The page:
Three Romanian Conducting Maestros In One

Of all the great 20th century conductors, Egizio Massini was the only one who distinguished himself equally in three different fields (opera, symphonic music, and fanfare). Even if he made tours abroad conducting all threes types of music, opera was the genre that distinguished him among his colleagues. Massini was a fanatic of the Romanian opera, and he worked hard to obtain a building for a modern opera in Bucharest in 1954. So, his destiny went hand in hand with the fortunate one of the Romanian music theater, as his artistic achievements have not been matched by any of our great conductors.Although he conducted successfully French, German, Austrian, Spanish, and, of course, Romanian music, still, he was the "marshal" of Italian and Russian music. His Italian blood helped him in his unique conducting that imposed many operas internationally: Aida, Norma, I Puritani, La Wally, Un ballo in maschera, Ernani, Rigoletto, La Traviata, Nabucco, La forza del destino, Il Trovatore, Otello, La Gioconda, La Boheme, Manon Lescaut, Madama Butterfly, Tosca, La fanciulla del West, Andrea Chenier, Don Pasquale, Lucia di Lammermoor, Il barbiere di Siviglia, Pagliacci, Cavalleria rusticana, and so on. His marriage to Dora Massini (who was Ukrainian) and his friendship to the death with Sigismund Zalesky (who was Russian) made him identify with the Slavic spirit, which was ideally expressed in his unforgettable shows, in total professional commitment: Boris Godunov, Rusalka, The Queen of Spades, Eugene Onegin, Prince Igor, Sheherezade, and Petrushka. Between these two artistic poles – Italian and Russian – Massini created a performance tradition that was observed by all his Romanian successors and even by some conductors abroad. Invited by George Georgescu to conduct the Bucharest Philharmonic as early as between the wars (1920-1945), Massini confirmed his passion for the classis symphonic repertoire and for modern Russians (Tchaikovsky, Mussorgsky, Rimsky-Korsakov, Borodin, Glazunov, Scriabin, Stravinsky, Prokofiev, Kabalevsky, and so on), but most of all for monumental works, which were close to his Mediterranean spirit (Fountains of Rome and Pines of Rome by Respighi, the Requiem masses by Verdi and Berlioz, Les preludes by Liszt, and the Pathetique and the 1812 Overture by Tchaikovsky)."Colonel Massini" wore the military uniform of a fanfare conductor for eight years, bringing together the 16 military bands from all over Romania in order to form a gigantic fanfare with 700 instrumentalists and take a historic tour to Poland, Czechoslovakia, and Yugoslavia. He did not do marches, pot-pourris, or the Romanian dances of hora and sarba, rather, he did Symphony no. 5 by Beethoven, Romanian Poem by Enescu, and the overture to Tannhaeuser by Wagner. Colonel Massini established a fanfare and an orchestra with 80 musicians belonging to the Royal Palace in 1934: in its repertoire there were Symphony no. 4 by Glazunov, Romanian Poem by Enescu, and Danse macabre by Liszt. Also part of the inventive and courageous conductor's "military adventure" was the publication of the first specialized magazine, the Review of Military Music, and the establishment of the first Military Music School. Perhaps if World War II had not broken out in 1940, his destiny as an opera conductor having replaced the tailcoat with the military jacket would have been different!A universal talent, exceptionally gifted, Massini remained an intuitive conductor all his life, without any systematic education with great teachers, but being uniquely receptive to all his colleagues around him. As Director Soare Z. Soare put it humorously in a literary portrait published in the 1944 Theater Almanac, Massini "was born in an orchestra, in the Italian opera company led by his father. At 13, he conducted for the first time in Sofia. At 14, he came to Romania. He loved it and stayed here." Indeed, he was born in Alexandria, Egypt during the tour of the lyrical company led by baritone Enrico Massini. However, he did not make his debut at 13 in Sofia, but in Lom Palanca, Bulgaria, and in 1908 he appeared on a poster in Braila, Romania. This is how his artistic career as a conductor began. One by one, young Massini conducted the Students' Opera in Bucharest (1913-1915), the Stanescu-Cerna Romanian Comical Opera and Operetta Company (1915), the Grand Romanian Opera Company in Bucharest (1916), and the Romanian Opera Lyrical Company (1919). From 1921 until 1964 (when he conducted his last show with Boris Godunov), the maestro remained faithful to the Romanian opera in Bucharest. He died in the morning of February 18, 1966 in Bucharest, after Electrecord issued the record of his complete Il Trovatore by Verdi. At 70, he was awarded the title of People's Artist (1964), the last joy of his restless life. Because he never found happiness in family life (he was married five times!) or in spectacular tours (he only toured Austria, Hungary, France, Poland, and the USSR), he only found happiness in the private world of the opera, which he loved with boundless passion.His presence at the opera was like a magnet subjugating soloists, choristers, and instrumentalists alike, forcing them, owing to his warm gestures and physical energy, to cross the stage rim, in order to enter into dialogue with the spectators, who were watching the tip of his metronome baton, in which his hot, artist's heart was beating. He conducted by heart almost the entire Italian and Russian repertoires, as he had a fabulous memory. He loved the Romanian music as well, conducting the premieres of Alexandru Lapusneanu by Alexandru Zirra, Prince Ion the Terrible and Uprising by Gheorghe Dumitrescu, and ballet Calin by Alfred Mendelsohn. Massini dominated the Romanian opera for over half a century, with the inborn charm of a magician in tailcoat, transforming sounds into sublime feelings, while soloists were changed into celebrants of scores.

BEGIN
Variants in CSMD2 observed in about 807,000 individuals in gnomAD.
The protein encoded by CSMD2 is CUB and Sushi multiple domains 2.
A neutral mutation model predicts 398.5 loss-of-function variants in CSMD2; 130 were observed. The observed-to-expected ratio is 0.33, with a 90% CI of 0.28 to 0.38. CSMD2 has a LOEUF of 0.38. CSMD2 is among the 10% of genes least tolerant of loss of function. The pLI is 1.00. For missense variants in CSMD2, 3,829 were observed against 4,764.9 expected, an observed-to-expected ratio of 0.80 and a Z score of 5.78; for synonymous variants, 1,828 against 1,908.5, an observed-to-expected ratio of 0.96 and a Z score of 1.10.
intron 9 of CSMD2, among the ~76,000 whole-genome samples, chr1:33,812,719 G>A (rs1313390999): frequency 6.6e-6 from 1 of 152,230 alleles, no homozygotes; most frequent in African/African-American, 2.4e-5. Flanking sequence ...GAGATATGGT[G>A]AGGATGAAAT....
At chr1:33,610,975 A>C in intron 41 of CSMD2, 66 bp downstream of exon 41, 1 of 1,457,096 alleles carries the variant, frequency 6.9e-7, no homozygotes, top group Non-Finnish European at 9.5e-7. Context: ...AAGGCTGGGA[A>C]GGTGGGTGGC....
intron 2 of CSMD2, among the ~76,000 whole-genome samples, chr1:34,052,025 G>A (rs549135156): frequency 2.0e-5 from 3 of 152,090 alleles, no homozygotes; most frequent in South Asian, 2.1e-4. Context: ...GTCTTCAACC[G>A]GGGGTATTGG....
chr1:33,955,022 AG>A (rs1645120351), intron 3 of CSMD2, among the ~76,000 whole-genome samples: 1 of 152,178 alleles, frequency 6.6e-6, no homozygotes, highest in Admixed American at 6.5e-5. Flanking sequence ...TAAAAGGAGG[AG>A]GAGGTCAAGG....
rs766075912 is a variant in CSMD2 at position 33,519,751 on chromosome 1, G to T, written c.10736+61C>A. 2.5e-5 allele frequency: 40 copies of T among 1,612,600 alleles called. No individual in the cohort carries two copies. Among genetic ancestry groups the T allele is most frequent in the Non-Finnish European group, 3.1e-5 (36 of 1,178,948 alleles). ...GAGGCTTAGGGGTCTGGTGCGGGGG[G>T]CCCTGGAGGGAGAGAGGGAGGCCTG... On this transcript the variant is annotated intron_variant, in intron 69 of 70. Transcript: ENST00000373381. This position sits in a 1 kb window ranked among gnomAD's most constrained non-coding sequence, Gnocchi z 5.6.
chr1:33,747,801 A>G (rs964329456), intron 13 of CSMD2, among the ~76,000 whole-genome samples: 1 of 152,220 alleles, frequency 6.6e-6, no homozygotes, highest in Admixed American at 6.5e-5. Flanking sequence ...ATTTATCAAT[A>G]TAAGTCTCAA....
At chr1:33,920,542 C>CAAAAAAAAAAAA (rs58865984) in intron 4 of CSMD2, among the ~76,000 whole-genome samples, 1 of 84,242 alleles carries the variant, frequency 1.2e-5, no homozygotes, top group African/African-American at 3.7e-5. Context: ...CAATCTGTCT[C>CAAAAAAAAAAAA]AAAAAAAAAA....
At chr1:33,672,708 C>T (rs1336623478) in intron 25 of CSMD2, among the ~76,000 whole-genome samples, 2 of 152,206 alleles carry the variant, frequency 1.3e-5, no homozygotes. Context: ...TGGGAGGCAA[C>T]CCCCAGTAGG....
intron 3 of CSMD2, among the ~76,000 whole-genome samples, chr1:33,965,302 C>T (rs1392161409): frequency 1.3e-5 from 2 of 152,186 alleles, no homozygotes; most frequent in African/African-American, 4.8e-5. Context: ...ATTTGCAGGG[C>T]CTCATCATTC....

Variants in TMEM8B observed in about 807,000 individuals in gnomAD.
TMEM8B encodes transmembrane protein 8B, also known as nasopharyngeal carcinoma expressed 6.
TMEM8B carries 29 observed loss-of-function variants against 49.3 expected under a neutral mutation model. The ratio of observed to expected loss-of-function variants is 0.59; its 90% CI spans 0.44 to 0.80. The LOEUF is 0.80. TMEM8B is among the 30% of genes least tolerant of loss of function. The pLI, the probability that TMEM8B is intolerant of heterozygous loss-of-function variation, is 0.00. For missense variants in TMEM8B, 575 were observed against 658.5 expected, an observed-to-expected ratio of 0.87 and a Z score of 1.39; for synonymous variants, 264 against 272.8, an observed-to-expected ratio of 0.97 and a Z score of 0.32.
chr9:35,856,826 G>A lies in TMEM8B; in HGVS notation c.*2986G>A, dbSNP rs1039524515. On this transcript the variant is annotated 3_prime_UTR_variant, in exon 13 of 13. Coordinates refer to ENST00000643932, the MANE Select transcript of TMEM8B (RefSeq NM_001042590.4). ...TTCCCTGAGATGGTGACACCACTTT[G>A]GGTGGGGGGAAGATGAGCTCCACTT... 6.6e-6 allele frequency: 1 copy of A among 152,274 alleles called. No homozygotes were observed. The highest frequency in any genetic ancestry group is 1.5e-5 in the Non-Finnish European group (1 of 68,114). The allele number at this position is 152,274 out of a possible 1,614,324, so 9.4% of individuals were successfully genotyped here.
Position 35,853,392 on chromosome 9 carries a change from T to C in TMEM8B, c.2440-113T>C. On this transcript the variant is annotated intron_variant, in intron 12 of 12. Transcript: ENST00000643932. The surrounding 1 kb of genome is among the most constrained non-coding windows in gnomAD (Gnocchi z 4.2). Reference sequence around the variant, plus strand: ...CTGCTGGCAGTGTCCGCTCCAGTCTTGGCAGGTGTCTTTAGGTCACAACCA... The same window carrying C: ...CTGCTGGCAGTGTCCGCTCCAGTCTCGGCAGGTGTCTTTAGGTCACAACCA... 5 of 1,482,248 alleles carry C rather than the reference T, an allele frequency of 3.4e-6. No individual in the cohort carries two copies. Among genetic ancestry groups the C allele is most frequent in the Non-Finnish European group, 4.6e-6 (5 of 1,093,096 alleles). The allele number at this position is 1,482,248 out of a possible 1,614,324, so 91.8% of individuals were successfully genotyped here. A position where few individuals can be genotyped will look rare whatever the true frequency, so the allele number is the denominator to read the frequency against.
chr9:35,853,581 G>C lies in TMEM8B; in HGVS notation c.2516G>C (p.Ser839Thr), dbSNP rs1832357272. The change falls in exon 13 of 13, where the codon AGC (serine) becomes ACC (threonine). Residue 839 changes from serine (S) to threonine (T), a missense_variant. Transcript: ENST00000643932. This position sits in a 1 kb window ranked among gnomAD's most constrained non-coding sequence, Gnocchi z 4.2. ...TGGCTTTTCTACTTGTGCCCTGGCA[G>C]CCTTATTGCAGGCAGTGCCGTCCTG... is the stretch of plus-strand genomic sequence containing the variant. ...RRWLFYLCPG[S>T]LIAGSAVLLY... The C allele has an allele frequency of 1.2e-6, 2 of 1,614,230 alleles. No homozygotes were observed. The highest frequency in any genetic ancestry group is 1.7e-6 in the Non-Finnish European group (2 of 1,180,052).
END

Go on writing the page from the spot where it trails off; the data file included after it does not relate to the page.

by Viorel Cosma (b. 1927)